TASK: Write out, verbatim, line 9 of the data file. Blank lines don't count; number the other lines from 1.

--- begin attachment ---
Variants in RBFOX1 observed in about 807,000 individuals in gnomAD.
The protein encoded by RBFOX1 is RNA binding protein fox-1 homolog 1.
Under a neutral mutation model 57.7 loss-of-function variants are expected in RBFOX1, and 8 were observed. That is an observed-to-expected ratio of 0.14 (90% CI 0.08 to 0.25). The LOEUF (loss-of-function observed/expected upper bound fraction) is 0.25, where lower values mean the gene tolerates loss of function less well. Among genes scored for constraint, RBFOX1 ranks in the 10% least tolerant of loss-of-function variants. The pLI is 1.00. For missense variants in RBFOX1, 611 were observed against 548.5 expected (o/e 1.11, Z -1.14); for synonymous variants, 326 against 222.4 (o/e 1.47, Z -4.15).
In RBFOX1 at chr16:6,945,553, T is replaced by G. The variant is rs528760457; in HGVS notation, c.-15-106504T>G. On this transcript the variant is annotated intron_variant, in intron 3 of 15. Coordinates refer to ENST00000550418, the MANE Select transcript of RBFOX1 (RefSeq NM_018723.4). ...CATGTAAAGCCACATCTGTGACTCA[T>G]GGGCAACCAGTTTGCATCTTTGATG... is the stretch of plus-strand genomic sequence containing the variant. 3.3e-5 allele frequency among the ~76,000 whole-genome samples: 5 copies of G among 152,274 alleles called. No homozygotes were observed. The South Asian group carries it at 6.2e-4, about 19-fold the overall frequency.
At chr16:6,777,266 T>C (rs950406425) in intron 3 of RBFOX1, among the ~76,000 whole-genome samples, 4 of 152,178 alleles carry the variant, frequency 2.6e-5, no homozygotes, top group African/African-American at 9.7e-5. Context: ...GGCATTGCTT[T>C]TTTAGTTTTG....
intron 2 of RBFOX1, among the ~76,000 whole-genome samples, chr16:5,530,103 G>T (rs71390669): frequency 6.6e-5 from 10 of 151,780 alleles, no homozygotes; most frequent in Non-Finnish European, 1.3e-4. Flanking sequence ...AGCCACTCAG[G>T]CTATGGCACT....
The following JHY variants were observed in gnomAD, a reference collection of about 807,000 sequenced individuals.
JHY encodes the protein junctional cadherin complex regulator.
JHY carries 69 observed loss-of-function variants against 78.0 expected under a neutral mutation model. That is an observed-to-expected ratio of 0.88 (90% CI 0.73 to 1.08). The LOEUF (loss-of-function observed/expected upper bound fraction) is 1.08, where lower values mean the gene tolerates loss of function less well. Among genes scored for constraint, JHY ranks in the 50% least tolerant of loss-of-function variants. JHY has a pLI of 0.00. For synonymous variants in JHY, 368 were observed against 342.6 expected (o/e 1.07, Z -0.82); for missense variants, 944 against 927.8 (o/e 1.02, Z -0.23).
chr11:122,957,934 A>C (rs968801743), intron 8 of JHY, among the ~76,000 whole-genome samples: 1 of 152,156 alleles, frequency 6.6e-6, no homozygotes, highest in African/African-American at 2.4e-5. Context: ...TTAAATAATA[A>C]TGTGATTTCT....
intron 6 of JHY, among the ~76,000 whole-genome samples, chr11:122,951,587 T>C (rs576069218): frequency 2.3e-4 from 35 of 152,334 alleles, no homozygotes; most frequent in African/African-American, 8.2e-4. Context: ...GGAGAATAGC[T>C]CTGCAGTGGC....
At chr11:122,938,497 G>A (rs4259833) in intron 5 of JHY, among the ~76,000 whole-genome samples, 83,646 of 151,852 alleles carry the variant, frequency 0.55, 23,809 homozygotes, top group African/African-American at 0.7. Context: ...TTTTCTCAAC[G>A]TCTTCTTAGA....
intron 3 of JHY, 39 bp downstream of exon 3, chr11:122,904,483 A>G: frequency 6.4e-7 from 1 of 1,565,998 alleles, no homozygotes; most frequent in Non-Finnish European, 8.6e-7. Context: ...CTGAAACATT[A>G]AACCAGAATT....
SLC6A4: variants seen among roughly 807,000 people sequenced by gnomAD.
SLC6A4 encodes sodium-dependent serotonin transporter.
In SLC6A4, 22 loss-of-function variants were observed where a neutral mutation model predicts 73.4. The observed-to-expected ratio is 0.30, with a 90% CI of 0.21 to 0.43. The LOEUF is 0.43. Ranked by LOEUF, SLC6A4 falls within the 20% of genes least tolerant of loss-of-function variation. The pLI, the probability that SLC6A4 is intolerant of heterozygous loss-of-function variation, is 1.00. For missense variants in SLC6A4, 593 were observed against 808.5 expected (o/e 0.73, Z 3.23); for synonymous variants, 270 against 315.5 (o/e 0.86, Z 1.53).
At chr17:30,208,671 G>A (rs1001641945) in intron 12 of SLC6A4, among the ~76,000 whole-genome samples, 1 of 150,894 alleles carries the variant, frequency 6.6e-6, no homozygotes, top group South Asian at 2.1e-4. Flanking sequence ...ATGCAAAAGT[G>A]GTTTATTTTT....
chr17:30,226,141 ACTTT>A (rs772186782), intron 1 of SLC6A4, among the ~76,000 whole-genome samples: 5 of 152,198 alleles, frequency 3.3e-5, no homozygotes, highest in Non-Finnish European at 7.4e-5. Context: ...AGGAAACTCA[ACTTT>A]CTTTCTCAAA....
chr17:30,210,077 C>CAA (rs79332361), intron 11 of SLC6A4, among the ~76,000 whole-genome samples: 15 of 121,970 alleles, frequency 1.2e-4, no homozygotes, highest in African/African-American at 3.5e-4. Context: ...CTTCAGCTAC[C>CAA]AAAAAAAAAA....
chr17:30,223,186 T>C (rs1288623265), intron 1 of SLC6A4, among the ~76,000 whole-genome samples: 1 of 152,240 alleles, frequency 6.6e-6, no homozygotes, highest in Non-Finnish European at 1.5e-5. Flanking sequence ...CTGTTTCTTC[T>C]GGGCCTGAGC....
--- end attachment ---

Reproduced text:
JHY carries 69 observed loss-of-function variants against 78.0 expected under a neutral mutation model. That is an observed-to-expected ratio of 0.88 (90% CI 0.73 to 1.08). The LOEUF (loss-of-function observed/expected upper bound fraction) is 1.08, where lower values mean the gene tolerates loss of function less well. Among genes scored for constraint, JHY ranks in the 50% least tolerant of loss-of-function variants. JHY has a pLI of 0.00. For synonymous variants in JHY, 368 were observed against 342.6 expected (o/e 1.07, Z -0.82); for missense variants, 944 against 927.8 (o/e 1.02, Z -0.23).